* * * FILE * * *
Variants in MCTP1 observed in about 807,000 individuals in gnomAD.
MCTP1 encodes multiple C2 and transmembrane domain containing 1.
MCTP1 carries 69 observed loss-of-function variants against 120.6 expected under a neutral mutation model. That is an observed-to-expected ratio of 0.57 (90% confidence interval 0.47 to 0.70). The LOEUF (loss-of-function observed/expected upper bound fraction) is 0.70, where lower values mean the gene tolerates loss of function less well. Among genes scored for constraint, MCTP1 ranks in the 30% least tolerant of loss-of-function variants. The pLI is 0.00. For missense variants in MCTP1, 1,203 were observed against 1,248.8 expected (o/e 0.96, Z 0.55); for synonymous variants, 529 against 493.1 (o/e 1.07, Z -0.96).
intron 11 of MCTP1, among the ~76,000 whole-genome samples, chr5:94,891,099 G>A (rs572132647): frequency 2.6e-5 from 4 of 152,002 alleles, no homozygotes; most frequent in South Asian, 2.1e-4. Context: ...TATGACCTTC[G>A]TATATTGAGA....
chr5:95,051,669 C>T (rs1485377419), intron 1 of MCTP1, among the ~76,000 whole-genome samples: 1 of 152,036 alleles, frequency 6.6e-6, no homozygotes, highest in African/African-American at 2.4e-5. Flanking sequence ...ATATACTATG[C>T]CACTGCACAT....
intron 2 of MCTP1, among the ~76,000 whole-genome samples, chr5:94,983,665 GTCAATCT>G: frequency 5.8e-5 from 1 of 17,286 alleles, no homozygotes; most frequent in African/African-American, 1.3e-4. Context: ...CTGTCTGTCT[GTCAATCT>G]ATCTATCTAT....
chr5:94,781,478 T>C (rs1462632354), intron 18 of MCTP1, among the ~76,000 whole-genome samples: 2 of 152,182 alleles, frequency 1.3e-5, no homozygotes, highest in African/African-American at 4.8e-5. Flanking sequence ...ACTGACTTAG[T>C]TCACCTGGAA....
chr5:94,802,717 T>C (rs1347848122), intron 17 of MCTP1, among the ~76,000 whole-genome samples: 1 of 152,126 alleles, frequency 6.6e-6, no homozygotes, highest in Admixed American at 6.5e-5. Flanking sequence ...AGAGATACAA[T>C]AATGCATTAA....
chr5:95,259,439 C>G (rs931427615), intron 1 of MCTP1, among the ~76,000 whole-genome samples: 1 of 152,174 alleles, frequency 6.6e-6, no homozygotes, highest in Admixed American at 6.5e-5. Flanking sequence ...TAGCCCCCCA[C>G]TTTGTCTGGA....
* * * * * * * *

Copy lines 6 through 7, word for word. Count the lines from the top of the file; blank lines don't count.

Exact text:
intron 2 of MCTP1, among the ~76,000 whole-genome samples, chr5:94,983,665 GTCAATCT>G: frequency 5.8e-5 from 1 of 17,286 alleles, no homozygotes; most frequent in African/African-American, 1.3e-4. Context: ...CTGTCTGTCT[GTCAATCT>G]ATCTATCTAT....
chr5:94,781,478 T>C (rs1462632354), intron 18 of MCTP1, among the ~76,000 whole-genome samples: 2 of 152,182 alleles, frequency 1.3e-5, no homozygotes, highest in African/African-American at 4.8e-5. Flanking sequence ...ACTGACTTAG[T>C]TCACCTGGAA....